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What is the verb form of newsjacking? Can I say I'll newsjack on his divorce and make some money. I can't find this in the dictionary, though. Could anyone give me some suggestion? Thanks.

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    I'm a native speaker, and I've never heard the word "newsjack" before.
    – nick012000
    May 10 '21 at 2:03
  • Just thinking in terms of grammar, if a word has an -ing ending, then you are looking at the gerund or participle of a noun, and the base form of the noun is usually whatever is left after you remove -ing: stretching -> stretch, yawning -> yawn, etc. So yes, the bare infinitive would just be "newsjack".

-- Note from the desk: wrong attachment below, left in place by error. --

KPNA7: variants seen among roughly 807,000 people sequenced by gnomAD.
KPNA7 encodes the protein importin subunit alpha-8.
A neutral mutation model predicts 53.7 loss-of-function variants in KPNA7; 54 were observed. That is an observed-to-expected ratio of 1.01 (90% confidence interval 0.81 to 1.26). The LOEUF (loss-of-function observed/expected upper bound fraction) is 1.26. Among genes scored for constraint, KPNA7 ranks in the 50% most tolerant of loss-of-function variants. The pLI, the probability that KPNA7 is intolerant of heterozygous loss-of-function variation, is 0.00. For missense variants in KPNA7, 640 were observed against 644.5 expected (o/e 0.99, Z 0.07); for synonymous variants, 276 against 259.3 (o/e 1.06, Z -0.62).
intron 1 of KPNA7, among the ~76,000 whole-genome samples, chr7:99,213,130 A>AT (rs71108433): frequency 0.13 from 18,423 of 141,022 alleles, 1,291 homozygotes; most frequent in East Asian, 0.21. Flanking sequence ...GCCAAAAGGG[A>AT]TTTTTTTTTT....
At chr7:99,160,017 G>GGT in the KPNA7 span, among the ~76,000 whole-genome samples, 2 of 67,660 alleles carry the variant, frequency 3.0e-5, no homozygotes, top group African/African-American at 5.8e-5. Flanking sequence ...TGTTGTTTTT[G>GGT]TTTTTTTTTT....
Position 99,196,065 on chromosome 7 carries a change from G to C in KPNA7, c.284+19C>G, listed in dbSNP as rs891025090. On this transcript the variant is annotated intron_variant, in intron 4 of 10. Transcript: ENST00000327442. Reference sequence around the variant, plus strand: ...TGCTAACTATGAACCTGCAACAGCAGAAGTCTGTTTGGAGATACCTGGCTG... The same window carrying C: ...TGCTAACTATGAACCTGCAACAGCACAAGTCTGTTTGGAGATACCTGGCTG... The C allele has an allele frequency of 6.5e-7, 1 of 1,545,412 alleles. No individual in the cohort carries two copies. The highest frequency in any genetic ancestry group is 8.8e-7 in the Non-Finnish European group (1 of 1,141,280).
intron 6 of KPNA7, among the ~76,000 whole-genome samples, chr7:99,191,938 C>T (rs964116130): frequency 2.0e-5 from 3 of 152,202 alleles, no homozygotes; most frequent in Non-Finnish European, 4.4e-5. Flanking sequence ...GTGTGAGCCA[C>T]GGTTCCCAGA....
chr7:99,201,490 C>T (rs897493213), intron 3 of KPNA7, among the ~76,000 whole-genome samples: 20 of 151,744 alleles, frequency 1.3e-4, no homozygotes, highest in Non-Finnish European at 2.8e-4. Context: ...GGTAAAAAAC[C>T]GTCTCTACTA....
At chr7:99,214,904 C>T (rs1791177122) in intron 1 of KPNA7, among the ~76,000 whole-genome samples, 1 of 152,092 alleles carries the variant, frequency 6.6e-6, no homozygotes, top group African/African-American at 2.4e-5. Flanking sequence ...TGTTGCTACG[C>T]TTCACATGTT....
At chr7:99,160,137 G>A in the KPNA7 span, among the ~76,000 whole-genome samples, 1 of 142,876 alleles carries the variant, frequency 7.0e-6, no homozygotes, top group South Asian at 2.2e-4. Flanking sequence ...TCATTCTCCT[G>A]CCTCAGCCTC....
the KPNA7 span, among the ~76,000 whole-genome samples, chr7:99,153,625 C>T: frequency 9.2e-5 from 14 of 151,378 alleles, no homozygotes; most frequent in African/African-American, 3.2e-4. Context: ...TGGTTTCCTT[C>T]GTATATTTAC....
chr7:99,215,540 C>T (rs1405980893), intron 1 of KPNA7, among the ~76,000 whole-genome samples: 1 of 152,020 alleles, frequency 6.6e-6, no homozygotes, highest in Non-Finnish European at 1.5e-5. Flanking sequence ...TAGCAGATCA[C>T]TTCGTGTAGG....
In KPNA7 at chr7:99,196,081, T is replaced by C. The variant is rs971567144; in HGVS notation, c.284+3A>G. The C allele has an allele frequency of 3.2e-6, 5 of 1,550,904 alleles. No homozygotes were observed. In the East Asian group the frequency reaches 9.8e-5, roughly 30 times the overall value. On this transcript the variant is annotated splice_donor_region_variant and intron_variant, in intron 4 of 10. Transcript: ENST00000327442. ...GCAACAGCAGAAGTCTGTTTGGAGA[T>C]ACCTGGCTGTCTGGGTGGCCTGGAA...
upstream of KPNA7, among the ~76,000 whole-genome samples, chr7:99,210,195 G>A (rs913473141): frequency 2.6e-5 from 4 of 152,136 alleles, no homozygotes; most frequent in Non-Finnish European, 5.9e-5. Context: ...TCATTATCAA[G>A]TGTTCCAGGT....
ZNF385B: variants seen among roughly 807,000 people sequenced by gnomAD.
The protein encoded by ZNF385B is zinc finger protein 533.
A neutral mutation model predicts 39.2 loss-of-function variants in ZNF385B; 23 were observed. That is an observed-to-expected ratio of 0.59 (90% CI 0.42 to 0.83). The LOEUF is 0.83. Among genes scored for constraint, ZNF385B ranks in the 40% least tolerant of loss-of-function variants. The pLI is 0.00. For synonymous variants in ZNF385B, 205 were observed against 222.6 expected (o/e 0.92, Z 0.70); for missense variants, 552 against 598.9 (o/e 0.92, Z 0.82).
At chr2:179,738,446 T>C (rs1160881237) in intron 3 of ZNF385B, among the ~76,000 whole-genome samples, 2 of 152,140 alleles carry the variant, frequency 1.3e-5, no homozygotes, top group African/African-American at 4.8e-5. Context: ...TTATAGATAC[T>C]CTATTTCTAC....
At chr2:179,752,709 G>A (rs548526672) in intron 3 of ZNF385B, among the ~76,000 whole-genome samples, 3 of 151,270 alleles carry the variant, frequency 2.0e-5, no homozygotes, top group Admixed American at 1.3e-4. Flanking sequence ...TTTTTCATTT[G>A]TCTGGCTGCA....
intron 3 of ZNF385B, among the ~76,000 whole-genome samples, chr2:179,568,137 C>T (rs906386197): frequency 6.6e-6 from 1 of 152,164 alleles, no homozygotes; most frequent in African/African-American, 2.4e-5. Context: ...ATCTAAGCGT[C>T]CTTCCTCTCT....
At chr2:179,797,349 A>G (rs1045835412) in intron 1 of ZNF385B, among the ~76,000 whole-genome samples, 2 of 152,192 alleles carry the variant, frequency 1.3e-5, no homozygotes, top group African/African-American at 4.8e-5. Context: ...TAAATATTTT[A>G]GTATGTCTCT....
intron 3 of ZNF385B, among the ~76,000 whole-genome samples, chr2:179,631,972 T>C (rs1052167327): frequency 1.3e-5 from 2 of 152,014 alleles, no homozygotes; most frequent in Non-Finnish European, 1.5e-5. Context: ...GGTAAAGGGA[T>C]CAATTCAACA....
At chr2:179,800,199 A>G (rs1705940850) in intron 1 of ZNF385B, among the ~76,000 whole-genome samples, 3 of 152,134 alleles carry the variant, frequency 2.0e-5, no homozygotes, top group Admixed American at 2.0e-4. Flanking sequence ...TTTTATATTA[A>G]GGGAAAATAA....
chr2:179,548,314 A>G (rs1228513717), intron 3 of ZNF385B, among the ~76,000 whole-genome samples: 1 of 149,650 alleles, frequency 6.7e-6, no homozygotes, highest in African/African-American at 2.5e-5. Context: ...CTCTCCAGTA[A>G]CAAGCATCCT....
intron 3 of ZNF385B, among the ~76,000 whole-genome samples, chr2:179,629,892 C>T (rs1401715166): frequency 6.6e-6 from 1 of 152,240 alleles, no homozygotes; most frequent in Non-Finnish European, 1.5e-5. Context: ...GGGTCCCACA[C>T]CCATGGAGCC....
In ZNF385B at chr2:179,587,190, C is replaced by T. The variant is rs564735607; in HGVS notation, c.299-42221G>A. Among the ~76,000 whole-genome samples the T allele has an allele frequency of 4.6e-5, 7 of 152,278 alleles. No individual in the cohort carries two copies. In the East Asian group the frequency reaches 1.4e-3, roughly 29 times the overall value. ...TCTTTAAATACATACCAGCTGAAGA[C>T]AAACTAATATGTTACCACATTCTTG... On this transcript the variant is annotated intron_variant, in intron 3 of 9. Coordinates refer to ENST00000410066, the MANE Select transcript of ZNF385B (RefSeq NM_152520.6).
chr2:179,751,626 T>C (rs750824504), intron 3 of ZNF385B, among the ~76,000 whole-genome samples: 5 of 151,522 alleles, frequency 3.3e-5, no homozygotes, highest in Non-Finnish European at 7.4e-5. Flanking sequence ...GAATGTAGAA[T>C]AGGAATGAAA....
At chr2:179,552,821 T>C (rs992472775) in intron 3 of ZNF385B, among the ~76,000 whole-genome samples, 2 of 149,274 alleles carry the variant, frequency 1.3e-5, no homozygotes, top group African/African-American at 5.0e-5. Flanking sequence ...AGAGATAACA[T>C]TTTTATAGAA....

– stangdon
    May 10 '21 at 14:21
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"Newsjacking" is when a brand or firm mentions or creates a campaign centred around a major, well-discussed news item.

So for your example to work, "his divorce" would have to be a well-discussed news item. And you would have to be a brand or firm. You would say "newsjack his divorce" by analogy with "hijack his aeroplane".

Newsjack is a very recent word, and only really has currency among internet advertisers. It isn't in general circulation. Standard dictionaries don't (yet) include it.

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